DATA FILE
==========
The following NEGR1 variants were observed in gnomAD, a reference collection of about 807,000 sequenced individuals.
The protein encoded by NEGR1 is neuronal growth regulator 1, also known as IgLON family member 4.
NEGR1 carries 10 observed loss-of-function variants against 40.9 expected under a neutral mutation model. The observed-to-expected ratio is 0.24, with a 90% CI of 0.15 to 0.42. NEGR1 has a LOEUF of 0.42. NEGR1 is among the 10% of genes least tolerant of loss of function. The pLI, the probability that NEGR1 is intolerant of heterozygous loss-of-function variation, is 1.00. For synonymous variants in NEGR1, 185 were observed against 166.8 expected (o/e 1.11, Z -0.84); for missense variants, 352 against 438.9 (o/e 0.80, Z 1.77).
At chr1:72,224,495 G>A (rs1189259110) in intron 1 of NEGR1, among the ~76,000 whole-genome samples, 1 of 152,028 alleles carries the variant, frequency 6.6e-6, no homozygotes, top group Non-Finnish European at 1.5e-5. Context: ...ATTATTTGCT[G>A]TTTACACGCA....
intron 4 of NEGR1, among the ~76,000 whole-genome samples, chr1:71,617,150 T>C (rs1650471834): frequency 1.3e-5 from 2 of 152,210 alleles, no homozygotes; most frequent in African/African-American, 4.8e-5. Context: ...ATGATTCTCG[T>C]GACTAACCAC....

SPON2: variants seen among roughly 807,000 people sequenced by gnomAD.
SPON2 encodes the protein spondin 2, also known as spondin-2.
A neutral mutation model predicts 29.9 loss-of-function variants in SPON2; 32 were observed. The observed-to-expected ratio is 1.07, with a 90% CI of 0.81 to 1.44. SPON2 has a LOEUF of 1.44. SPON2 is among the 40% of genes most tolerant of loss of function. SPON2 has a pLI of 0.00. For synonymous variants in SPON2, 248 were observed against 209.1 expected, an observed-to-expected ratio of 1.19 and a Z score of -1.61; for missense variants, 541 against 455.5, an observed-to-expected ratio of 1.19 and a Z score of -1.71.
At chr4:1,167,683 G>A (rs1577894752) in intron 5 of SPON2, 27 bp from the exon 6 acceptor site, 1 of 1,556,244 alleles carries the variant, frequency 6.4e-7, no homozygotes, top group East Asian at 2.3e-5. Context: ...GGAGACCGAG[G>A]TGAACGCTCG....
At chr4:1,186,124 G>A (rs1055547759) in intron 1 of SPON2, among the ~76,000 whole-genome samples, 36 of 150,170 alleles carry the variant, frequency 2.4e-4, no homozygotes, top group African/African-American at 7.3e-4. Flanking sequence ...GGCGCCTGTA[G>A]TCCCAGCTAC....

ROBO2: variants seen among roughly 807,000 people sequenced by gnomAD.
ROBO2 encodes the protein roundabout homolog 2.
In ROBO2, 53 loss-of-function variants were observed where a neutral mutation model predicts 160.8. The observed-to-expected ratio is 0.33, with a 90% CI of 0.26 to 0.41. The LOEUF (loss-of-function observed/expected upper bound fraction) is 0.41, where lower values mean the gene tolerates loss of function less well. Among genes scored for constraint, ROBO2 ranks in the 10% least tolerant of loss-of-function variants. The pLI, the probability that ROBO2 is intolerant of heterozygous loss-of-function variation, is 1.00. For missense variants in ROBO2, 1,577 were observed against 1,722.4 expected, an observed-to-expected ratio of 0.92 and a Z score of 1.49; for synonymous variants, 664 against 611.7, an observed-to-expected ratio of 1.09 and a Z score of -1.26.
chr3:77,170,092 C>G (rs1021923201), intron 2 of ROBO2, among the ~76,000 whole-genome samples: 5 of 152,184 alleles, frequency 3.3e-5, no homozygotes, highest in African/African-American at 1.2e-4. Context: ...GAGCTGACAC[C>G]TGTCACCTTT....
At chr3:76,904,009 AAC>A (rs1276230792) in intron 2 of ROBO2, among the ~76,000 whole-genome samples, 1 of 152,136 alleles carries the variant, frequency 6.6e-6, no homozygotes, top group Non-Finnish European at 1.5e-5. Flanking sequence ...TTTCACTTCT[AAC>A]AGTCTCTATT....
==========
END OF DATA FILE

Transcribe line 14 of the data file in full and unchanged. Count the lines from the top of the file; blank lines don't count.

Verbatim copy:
chr3:77,170,092 C>G (rs1021923201), intron 2 of ROBO2, among the ~76,000 whole-genome samples: 5 of 152,184 alleles, frequency 3.3e-5, no homozygotes, highest in African/African-American at 1.2e-4. Context: ...GAGCTGACAC[C>G]TGTCACCTTT....